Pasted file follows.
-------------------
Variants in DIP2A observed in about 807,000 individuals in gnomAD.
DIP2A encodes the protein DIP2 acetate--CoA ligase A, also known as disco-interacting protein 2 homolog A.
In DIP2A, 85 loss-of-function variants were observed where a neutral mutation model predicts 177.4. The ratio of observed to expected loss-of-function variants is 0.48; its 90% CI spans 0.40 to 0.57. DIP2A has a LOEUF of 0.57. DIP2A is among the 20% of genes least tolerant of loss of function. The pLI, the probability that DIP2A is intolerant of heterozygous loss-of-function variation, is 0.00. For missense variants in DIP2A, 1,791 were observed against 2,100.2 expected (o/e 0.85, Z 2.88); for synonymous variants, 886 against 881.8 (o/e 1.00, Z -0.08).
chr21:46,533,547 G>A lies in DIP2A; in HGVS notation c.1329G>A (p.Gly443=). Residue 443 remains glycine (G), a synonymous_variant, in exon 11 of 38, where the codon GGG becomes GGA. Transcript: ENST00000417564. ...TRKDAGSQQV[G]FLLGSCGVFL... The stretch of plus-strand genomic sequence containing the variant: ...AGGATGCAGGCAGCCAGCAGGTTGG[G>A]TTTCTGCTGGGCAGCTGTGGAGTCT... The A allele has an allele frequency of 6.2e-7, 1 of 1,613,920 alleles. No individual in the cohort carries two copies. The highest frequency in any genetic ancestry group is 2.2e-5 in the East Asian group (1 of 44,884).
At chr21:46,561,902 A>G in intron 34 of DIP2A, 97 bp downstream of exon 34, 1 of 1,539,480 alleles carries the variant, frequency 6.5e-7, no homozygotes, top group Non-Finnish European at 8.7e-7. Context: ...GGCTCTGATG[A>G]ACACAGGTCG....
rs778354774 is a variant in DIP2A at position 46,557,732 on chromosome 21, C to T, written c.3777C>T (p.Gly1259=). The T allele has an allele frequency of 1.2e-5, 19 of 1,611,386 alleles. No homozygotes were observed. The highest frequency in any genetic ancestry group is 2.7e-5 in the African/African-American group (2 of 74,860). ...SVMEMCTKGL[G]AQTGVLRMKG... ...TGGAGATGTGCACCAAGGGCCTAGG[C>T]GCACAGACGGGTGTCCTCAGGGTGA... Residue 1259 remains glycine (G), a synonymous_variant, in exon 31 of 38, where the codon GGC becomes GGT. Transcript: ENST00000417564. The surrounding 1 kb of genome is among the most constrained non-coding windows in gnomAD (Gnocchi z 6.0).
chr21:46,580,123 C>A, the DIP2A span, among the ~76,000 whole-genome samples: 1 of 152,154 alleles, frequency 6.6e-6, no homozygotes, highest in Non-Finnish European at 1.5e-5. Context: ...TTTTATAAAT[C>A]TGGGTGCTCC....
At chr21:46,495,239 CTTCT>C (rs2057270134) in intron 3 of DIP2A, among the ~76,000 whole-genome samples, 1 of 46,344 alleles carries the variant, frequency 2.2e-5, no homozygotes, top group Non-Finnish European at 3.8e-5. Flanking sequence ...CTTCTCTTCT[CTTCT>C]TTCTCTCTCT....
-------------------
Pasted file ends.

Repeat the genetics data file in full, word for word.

Variants in DIP2A observed in about 807,000 individuals in gnomAD.
DIP2A encodes the protein DIP2 acetate--CoA ligase A, also known as disco-interacting protein 2 homolog A.
In DIP2A, 85 loss-of-function variants were observed where a neutral mutation model predicts 177.4. The ratio of observed to expected loss-of-function variants is 0.48; its 90% CI spans 0.40 to 0.57. DIP2A has a LOEUF of 0.57. DIP2A is among the 20% of genes least tolerant of loss of function. The pLI, the probability that DIP2A is intolerant of heterozygous loss-of-function variation, is 0.00. For missense variants in DIP2A, 1,791 were observed against 2,100.2 expected (o/e 0.85, Z 2.88); for synonymous variants, 886 against 881.8 (o/e 1.00, Z -0.08).
chr21:46,533,547 G>A lies in DIP2A; in HGVS notation c.1329G>A (p.Gly443=). Residue 443 remains glycine (G), a synonymous_variant, in exon 11 of 38, where the codon GGG becomes GGA. Transcript: ENST00000417564. ...TRKDAGSQQV[G]FLLGSCGVFL... The stretch of plus-strand genomic sequence containing the variant: ...AGGATGCAGGCAGCCAGCAGGTTGG[G>A]TTTCTGCTGGGCAGCTGTGGAGTCT... The A allele has an allele frequency of 6.2e-7, 1 of 1,613,920 alleles. No individual in the cohort carries two copies. The highest frequency in any genetic ancestry group is 2.2e-5 in the East Asian group (1 of 44,884).
At chr21:46,561,902 A>G in intron 34 of DIP2A, 97 bp downstream of exon 34, 1 of 1,539,480 alleles carries the variant, frequency 6.5e-7, no homozygotes, top group Non-Finnish European at 8.7e-7. Context: ...GGCTCTGATG[A>G]ACACAGGTCG....
rs778354774 is a variant in DIP2A at position 46,557,732 on chromosome 21, C to T, written c.3777C>T (p.Gly1259=). The T allele has an allele frequency of 1.2e-5, 19 of 1,611,386 alleles. No homozygotes were observed. The highest frequency in any genetic ancestry group is 2.7e-5 in the African/African-American group (2 of 74,860). ...SVMEMCTKGL[G]AQTGVLRMKG... ...TGGAGATGTGCACCAAGGGCCTAGG[C>T]GCACAGACGGGTGTCCTCAGGGTGA... Residue 1259 remains glycine (G), a synonymous_variant, in exon 31 of 38, where the codon GGC becomes GGT. Transcript: ENST00000417564. The surrounding 1 kb of genome is among the most constrained non-coding windows in gnomAD (Gnocchi z 6.0).
chr21:46,580,123 C>A, the DIP2A span, among the ~76,000 whole-genome samples: 1 of 152,154 alleles, frequency 6.6e-6, no homozygotes, highest in Non-Finnish European at 1.5e-5. Context: ...TTTTATAAAT[C>A]TGGGTGCTCC....
At chr21:46,495,239 CTTCT>C (rs2057270134) in intron 3 of DIP2A, among the ~76,000 whole-genome samples, 1 of 46,344 alleles carries the variant, frequency 2.2e-5, no homozygotes, top group Non-Finnish European at 3.8e-5. Flanking sequence ...CTTCTCTTCT[CTTCT>C]TTCTCTCTCT....